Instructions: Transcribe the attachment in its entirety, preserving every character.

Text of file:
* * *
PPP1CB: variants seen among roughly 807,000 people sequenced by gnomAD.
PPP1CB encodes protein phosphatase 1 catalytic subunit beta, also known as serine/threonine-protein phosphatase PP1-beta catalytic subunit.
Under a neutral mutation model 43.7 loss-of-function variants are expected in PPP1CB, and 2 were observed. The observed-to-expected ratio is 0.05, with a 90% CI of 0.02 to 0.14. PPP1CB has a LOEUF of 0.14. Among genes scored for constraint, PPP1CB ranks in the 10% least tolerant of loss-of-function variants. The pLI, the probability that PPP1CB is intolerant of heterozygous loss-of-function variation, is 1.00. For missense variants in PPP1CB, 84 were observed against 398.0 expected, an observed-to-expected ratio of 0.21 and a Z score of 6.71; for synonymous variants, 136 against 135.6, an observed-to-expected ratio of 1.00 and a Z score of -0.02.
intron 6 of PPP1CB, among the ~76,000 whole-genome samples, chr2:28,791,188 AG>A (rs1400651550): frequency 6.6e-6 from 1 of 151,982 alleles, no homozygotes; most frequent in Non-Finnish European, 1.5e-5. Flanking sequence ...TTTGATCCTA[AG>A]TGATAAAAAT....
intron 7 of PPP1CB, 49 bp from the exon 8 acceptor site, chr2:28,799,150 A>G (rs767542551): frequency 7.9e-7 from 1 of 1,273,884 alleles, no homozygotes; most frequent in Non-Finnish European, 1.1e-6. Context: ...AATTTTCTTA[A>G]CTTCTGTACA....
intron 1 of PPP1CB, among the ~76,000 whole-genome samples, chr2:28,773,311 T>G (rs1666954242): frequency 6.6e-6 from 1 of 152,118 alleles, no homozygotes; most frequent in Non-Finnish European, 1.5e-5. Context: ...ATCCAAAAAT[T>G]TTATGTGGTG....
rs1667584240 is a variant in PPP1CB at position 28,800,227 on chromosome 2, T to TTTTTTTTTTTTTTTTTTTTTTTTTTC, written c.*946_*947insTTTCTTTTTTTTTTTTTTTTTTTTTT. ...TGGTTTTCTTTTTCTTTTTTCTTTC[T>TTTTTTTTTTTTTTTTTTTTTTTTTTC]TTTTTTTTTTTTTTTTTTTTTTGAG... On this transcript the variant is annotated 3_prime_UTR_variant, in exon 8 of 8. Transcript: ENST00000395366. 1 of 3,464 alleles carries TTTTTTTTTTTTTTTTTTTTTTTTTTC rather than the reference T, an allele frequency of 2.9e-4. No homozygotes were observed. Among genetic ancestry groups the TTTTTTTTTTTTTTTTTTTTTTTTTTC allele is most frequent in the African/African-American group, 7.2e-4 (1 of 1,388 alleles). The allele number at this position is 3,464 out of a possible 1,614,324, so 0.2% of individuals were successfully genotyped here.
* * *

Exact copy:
PPP1CB: variants seen among roughly 807,000 people sequenced by gnomAD.
PPP1CB encodes protein phosphatase 1 catalytic subunit beta, also known as serine/threonine-protein phosphatase PP1-beta catalytic subunit.
Under a neutral mutation model 43.7 loss-of-function variants are expected in PPP1CB, and 2 were observed. The observed-to-expected ratio is 0.05, with a 90% CI of 0.02 to 0.14. PPP1CB has a LOEUF of 0.14. Among genes scored for constraint, PPP1CB ranks in the 10% least tolerant of loss-of-function variants. The pLI, the probability that PPP1CB is intolerant of heterozygous loss-of-function variation, is 1.00. For missense variants in PPP1CB, 84 were observed against 398.0 expected, an observed-to-expected ratio of 0.21 and a Z score of 6.71; for synonymous variants, 136 against 135.6, an observed-to-expected ratio of 1.00 and a Z score of -0.02.
intron 6 of PPP1CB, among the ~76,000 whole-genome samples, chr2:28,791,188 AG>A (rs1400651550): frequency 6.6e-6 from 1 of 151,982 alleles, no homozygotes; most frequent in Non-Finnish European, 1.5e-5. Flanking sequence ...TTTGATCCTA[AG>A]TGATAAAAAT....
intron 7 of PPP1CB, 49 bp from the exon 8 acceptor site, chr2:28,799,150 A>G (rs767542551): frequency 7.9e-7 from 1 of 1,273,884 alleles, no homozygotes; most frequent in Non-Finnish European, 1.1e-6. Context: ...AATTTTCTTA[A>G]CTTCTGTACA....
intron 1 of PPP1CB, among the ~76,000 whole-genome samples, chr2:28,773,311 T>G (rs1666954242): frequency 6.6e-6 from 1 of 152,118 alleles, no homozygotes; most frequent in Non-Finnish European, 1.5e-5. Context: ...ATCCAAAAAT[T>G]TTATGTGGTG....
rs1667584240 is a variant in PPP1CB at position 28,800,227 on chromosome 2, T to TTTTTTTTTTTTTTTTTTTTTTTTTTC, written c.*946_*947insTTTCTTTTTTTTTTTTTTTTTTTTTT. ...TGGTTTTCTTTTTCTTTTTTCTTTC[T>TTTTTTTTTTTTTTTTTTTTTTTTTTC]TTTTTTTTTTTTTTTTTTTTTTGAG... On this transcript the variant is annotated 3_prime_UTR_variant, in exon 8 of 8. Transcript: ENST00000395366. 1 of 3,464 alleles carries TTTTTTTTTTTTTTTTTTTTTTTTTTC rather than the reference T, an allele frequency of 2.9e-4. No homozygotes were observed. Among genetic ancestry groups the TTTTTTTTTTTTTTTTTTTTTTTTTTC allele is most frequent in the African/African-American group, 7.2e-4 (1 of 1,388 alleles). The allele number at this position is 3,464 out of a possible 1,614,324, so 0.2% of individuals were successfully genotyped here.